The typical operations of Role classes include:


Name
Description
Related
Attributes
Related
Associations

isAvailable

One of the common responsibilities of a Role class is to determine whether it is in a fit state to participate in a particular Moment-Interval. For example, an IT support person may not be available to handle a reported problem because he or she is busy on a previous or more importantproblem. This should be indicated by the result of invoking an isAvailable() operation on the Role object representing that IT support person.

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Role - Moment-Interval

listMIs

This operation reminds us to check to see if a Role class needs any operations that return subsets of the Moment-Intervals in which the Role participates. These operations may take a set of criteria as parameters that define the subset of Moment-Intervals that should be returned. 

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Role - Moment-Interval

assessAcrossMIs

Role classes are frequently responsible for performing some sort of assessment across the lists of Moment-Intervals in which they have participated. The assessAcrossMIs() operation in the Role class archetype is a reminder of that typical responsibility.

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Role - Moment-Interval

listInstances

The listInstances() operation is a class scope operation. It reminds us that a typical responsibility of a Role class, like those of any of the class archetypes, is to be able to search for, find, and list subsets of its instances that match some set of criteria.

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assessAcrossInstances

The assessAcrossInstances() operation is a class scope operation. It reminds us that a typical responsibility of a Role class, like those of any of the class archetypes, is to be able to assess the performance of a subset of its instances that match some set of criteria.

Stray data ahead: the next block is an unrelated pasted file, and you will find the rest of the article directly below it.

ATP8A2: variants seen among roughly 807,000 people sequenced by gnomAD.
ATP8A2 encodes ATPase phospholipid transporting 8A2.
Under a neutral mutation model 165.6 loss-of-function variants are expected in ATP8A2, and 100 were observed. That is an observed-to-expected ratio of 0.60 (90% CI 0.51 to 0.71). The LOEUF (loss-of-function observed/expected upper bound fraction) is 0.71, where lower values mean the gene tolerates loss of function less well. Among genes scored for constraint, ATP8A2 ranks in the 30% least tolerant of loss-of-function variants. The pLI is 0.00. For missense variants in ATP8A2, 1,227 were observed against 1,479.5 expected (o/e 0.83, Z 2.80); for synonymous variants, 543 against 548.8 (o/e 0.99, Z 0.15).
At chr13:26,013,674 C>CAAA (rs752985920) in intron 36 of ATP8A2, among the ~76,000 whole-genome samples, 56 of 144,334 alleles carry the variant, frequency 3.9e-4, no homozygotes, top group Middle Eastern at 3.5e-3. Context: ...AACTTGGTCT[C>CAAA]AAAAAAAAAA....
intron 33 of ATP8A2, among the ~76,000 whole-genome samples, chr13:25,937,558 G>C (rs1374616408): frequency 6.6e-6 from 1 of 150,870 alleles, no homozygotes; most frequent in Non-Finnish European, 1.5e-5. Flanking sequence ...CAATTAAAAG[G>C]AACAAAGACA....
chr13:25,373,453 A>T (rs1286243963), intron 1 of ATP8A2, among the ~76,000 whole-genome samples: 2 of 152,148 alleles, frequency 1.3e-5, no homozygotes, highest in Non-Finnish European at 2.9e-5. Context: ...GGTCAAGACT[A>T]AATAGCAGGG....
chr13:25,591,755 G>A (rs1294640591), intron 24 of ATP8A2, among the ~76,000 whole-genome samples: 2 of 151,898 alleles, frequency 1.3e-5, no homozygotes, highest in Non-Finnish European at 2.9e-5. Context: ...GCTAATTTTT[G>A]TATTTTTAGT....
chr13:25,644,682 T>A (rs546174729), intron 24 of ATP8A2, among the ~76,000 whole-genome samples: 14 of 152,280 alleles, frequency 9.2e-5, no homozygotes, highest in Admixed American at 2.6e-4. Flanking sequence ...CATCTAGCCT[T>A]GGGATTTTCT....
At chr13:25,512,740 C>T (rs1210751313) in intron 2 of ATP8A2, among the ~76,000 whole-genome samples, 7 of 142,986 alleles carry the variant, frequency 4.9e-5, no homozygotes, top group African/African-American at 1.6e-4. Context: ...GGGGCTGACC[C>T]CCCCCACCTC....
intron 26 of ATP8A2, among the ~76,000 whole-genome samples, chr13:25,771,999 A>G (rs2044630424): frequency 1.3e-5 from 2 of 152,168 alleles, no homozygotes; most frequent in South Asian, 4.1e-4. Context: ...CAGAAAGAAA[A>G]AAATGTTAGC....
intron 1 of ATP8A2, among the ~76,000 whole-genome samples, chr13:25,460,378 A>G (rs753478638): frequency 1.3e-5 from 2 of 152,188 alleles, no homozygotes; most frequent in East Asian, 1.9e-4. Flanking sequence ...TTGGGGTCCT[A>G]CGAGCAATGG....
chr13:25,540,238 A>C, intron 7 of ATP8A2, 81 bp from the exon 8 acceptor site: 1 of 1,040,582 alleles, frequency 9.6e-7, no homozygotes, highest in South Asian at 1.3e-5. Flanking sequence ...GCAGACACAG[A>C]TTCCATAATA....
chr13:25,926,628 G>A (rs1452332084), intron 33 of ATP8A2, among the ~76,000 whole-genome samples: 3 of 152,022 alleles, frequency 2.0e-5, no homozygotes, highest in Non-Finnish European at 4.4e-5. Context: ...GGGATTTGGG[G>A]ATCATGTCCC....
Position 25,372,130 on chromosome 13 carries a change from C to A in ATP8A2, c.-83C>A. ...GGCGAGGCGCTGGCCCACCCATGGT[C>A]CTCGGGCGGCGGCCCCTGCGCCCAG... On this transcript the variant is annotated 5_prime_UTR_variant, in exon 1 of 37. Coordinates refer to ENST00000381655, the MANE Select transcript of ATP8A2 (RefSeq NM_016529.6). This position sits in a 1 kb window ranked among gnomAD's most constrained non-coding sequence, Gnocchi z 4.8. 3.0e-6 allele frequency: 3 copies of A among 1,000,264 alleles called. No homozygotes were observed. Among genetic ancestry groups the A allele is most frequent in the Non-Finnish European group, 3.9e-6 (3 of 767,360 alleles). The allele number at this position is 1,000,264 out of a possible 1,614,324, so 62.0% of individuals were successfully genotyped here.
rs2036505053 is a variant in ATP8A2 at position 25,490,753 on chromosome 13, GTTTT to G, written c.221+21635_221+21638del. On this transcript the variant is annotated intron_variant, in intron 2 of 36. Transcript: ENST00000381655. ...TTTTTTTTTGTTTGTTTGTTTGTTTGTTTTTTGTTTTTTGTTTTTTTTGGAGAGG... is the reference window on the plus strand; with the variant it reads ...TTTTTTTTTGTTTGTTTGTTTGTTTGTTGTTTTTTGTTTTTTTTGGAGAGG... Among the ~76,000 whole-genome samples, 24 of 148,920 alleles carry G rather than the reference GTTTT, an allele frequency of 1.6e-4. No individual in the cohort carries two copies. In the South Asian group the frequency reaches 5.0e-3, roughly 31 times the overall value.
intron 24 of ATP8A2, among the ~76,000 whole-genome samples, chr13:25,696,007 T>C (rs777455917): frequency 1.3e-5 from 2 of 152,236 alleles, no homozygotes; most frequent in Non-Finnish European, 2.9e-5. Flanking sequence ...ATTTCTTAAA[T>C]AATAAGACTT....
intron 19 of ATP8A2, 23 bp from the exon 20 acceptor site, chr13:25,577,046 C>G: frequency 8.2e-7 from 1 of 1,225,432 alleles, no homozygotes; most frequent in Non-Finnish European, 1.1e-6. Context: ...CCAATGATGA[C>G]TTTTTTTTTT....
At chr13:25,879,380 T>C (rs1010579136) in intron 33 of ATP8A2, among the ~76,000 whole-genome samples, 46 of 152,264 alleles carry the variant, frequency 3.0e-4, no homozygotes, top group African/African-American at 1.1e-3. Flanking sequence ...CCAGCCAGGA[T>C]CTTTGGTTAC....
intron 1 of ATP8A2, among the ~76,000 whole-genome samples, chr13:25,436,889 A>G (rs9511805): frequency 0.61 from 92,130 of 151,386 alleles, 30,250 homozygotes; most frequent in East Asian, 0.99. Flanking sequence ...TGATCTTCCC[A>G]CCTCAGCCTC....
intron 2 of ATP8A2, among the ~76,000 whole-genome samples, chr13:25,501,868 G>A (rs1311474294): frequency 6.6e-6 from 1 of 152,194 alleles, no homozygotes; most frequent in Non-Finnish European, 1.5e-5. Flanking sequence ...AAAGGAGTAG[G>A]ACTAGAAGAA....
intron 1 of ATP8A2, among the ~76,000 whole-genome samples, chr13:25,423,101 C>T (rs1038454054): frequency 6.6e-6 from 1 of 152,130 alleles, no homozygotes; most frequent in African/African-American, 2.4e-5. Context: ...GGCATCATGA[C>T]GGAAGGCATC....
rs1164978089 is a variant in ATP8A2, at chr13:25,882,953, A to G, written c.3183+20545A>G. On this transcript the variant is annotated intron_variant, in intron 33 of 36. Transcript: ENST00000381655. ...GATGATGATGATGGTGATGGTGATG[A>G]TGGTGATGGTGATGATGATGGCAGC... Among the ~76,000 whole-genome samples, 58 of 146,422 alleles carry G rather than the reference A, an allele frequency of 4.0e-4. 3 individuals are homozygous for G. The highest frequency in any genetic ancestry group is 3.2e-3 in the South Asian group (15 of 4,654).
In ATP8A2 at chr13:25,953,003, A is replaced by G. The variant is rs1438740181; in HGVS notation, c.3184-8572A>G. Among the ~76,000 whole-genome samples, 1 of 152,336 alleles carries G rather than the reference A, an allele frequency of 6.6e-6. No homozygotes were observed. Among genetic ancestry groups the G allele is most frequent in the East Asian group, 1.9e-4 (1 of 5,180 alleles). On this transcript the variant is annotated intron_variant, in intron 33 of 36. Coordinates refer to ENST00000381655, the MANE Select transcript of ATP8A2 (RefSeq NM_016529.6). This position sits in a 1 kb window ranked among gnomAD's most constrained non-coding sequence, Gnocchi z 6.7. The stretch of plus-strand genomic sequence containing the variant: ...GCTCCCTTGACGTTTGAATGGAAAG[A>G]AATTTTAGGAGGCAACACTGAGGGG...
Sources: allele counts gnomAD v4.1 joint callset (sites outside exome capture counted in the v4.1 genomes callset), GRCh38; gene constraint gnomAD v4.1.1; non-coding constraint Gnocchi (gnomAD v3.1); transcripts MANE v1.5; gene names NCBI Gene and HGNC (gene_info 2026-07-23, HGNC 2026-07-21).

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Typical Associations

The typical associations of Role classes include:


Name
Description
Related Attributes
Related Operations

Role - Moment-Interval

Since a Role is a way something participates,  there is typically associations between a Role and the Moment-Intervals in which it participates.

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isAvailable

listMIs

assessAcrossMIs

Role - Party, Place, Thing

A Role is a way in which someone, some place or some thing participates, so there is typically an association from the Role to the Party, Place, Thing class that is playing the role.

Roles often provide a view of the role-player that is customised for the Moment-Intervals in which the Role participates. For example,  a Role might contain proxy operations for those of its role-player that are used by the Moment-Interval so that the Moment-Interval classes do not need to know anything about the role-player class itself. The Role class will also typically have attributes for information about the role-player that is only relevant when that role is being played.